Pain and Quality of Life with Endometriosis

Recently, we asked about your experiences of endometriosis. We were struck by just how much endometriosis-related pain (and associated symptoms) limit your day-to-day activities. While pain is not a primary issue for every woman with endometriosis, it can have a huge impact on quality of life, particularly in regards to limiting work and social activities.

While severe pain is known as a stereotypical endometriosis symptom, how women experience this pain varies across several dimensions.

Endometriosis pain is also thought to vary in a cyclical pattern, since endometriosis patients can have pain that is linked to their hormonal cycle, although this relationship does not exist across all endometriosis sufferers. The reasons for these differences remain unclear to researchers and doctors.

The experience of period pain (dysmenorrhea) is not exclusive to women with endo, nor are the impacts of period pain on quality of life for sufferers.

Such stigmatization means many suffer in silence and do not get the support they need, causing women to feel unhappy, dissatisfied and be less productive workers.

The negative impacts of endometriosis on women’s work lives is supported by scientific research (aka “the literature”).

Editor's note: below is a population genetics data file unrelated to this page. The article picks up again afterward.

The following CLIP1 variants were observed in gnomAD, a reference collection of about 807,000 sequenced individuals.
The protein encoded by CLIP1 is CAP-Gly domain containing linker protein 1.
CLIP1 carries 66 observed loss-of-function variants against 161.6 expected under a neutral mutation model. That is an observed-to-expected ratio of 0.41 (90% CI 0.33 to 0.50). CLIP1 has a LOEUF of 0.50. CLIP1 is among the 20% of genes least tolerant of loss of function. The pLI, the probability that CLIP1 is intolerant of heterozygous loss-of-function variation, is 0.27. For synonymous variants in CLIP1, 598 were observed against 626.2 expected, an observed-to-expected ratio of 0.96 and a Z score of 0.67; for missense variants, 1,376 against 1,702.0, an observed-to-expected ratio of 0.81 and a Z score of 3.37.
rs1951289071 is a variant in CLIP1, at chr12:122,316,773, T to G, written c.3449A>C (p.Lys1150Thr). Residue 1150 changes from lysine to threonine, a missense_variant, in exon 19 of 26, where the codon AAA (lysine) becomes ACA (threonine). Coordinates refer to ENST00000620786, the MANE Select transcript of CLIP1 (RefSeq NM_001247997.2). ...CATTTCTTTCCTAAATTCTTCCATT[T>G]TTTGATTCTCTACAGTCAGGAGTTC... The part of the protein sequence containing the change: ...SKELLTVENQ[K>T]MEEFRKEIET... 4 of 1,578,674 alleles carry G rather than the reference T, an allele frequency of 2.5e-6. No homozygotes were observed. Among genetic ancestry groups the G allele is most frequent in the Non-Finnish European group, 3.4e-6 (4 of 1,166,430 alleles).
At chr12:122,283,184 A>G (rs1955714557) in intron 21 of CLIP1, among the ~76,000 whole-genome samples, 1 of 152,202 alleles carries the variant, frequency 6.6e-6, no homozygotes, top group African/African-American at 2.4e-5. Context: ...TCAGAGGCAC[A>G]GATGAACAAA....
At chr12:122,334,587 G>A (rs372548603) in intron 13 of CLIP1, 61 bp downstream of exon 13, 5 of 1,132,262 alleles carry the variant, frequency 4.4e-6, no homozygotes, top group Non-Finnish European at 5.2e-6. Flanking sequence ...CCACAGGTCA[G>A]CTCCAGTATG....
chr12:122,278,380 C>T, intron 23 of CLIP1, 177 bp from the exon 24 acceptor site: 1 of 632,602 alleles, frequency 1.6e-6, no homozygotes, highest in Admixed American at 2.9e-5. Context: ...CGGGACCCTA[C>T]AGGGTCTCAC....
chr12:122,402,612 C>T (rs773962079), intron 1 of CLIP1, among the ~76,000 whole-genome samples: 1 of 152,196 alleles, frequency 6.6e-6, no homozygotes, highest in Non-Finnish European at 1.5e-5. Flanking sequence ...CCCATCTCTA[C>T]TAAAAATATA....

Women express fear of symptom recurrence and are generally scared of dealing with endometriosis in the long-term, envisioning a bleak, uncertain future. Endometriosis also has real economic consequences — direct costs from endometriosis are estimated at approximately 7062 dollars per woman per year.

Endometriosis-related pain affects not only work activities but also social activities and personal relationships.

Overall, endometriosis has a huge negative impact on women’s lives, representing a reduction in quality of life of 19% when compared with a person with the best possible health.

There is also little known about how and if pain from endometriosis correlates with the menstrual cycle. More detailed evidence is needed to show how endo pain affects women’s ability to work and function on a daily basis — current data is mostly based on static questionnaires which survey women at a single point in time.

Mobile health apps (mHealth) provide us with a unique opportunity to study the possible connections between quality of life, pain, and menstruation.

The success of our work depends on patients engaging in research and contributing data on the daily experience of their disease.

It’s important that patients be given an opportunity to contribute to a better understanding of endometriosis and its effect on quality of life — something that is particularly important given just how serious the disease can be for the estimated 10% of women with endometriosis.

Stay tuned for a new study from Citizen Endo on these three dimensions-pain, menstruation, and quality of life. For this study, we teamed up with Deborah Estrin and her lab at Cornell Tech.

How do I Stay in Touch with Citizen Endo?

Patients and data science for an endometriosis cure: We bridge the gap between patient experience and clinical characterization of endometriosis.

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